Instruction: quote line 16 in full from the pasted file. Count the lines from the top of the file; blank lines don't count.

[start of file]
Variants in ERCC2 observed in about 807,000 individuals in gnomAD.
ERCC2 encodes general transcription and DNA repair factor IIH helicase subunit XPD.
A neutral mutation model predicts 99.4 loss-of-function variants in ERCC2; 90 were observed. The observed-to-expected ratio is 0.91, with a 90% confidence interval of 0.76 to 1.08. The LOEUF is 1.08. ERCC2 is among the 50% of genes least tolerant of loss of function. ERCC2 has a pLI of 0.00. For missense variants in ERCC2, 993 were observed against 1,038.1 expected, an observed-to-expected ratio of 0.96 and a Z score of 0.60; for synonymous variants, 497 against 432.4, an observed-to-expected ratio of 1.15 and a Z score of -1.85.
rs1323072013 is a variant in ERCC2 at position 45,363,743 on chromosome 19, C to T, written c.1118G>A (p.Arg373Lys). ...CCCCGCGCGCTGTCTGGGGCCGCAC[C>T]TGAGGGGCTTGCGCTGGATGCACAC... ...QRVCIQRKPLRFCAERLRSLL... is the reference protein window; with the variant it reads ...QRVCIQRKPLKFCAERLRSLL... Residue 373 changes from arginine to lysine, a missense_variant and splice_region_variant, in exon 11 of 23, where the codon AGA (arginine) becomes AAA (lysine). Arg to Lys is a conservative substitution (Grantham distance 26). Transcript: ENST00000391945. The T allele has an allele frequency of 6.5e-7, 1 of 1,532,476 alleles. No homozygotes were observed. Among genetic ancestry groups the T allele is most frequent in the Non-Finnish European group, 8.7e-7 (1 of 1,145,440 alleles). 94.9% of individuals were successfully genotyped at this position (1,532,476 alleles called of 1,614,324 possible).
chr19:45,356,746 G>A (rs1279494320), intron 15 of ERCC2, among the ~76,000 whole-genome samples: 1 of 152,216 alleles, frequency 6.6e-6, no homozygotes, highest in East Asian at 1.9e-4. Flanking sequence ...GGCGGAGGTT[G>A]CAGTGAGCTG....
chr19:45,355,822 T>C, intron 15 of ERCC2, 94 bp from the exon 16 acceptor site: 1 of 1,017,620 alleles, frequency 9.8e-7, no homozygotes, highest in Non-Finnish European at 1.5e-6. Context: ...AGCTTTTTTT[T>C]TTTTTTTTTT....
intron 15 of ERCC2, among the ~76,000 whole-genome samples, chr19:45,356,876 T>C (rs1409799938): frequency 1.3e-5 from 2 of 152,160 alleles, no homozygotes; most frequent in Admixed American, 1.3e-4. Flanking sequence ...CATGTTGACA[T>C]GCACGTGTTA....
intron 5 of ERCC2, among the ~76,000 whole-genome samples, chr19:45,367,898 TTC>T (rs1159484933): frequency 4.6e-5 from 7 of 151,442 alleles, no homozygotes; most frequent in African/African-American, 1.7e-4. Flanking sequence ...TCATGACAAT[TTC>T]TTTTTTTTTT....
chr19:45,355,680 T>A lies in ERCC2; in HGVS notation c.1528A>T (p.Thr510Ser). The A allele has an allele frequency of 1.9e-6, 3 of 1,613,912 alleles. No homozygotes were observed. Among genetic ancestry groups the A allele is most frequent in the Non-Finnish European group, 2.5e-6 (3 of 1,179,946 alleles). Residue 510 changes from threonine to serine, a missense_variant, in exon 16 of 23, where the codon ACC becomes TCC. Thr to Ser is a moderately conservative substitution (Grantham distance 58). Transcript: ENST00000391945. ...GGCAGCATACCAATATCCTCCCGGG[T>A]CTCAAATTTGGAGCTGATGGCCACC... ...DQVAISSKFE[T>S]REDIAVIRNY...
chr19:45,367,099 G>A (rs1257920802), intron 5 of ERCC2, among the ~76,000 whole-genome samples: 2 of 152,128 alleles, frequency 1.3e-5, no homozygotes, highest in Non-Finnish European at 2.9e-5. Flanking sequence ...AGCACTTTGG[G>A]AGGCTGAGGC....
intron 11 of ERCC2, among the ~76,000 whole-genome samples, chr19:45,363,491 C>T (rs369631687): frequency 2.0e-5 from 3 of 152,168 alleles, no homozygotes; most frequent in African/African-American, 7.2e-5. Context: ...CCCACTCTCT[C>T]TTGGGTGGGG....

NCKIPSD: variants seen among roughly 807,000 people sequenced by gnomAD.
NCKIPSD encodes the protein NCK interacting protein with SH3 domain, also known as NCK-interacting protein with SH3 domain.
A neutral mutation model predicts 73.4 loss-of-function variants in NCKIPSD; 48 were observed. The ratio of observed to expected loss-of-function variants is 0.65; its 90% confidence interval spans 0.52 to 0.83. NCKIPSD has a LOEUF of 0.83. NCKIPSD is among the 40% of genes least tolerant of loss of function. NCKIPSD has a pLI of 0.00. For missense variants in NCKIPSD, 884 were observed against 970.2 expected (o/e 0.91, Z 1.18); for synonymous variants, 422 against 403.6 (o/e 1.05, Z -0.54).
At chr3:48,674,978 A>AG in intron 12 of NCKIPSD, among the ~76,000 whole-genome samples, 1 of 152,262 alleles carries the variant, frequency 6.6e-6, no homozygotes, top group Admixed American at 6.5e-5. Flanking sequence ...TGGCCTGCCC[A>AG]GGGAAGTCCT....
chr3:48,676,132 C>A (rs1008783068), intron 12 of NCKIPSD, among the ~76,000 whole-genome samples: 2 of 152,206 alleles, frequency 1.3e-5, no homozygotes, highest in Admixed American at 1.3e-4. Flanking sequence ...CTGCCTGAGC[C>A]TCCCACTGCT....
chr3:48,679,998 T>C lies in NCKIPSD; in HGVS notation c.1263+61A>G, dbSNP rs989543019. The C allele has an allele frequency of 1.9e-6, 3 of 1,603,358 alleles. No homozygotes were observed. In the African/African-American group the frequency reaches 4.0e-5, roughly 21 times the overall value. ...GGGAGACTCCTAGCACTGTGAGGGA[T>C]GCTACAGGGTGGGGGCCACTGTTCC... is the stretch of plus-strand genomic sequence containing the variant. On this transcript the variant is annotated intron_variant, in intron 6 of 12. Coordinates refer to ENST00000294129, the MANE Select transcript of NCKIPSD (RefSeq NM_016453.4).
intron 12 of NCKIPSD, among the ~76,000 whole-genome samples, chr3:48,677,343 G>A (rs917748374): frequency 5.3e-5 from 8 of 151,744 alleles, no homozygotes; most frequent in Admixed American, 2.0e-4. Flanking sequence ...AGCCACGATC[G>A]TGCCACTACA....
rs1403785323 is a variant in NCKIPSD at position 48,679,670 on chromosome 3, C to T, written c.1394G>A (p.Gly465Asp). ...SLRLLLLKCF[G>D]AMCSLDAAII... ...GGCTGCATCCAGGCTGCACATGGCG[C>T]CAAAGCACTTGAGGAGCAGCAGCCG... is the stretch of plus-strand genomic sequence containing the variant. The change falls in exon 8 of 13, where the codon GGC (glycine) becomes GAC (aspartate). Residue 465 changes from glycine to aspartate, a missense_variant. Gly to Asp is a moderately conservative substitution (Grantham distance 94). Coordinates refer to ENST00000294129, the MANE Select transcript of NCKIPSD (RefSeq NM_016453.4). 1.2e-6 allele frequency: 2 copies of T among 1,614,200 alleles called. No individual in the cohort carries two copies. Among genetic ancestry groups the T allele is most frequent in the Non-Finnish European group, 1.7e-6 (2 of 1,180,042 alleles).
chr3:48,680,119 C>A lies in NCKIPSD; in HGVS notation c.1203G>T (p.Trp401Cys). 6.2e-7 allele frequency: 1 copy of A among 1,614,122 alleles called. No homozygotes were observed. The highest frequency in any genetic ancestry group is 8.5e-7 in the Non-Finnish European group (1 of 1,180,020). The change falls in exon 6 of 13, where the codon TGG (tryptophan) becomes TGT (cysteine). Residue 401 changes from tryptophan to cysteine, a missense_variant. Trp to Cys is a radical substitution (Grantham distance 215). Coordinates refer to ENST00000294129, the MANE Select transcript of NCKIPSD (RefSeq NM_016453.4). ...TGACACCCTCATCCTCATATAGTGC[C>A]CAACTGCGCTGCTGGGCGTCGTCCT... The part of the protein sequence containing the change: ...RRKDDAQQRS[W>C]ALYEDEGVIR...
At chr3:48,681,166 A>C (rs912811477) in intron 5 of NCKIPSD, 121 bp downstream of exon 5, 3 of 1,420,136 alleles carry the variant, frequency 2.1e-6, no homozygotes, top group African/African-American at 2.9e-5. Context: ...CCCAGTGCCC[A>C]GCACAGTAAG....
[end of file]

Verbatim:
chr3:48,676,132 C>A (rs1008783068), intron 12 of NCKIPSD, among the ~76,000 whole-genome samples: 2 of 152,206 alleles, frequency 1.3e-5, no homozygotes, highest in Admixed American at 1.3e-4. Flanking sequence ...CTGCCTGAGC[C>A]TCCCACTGCT....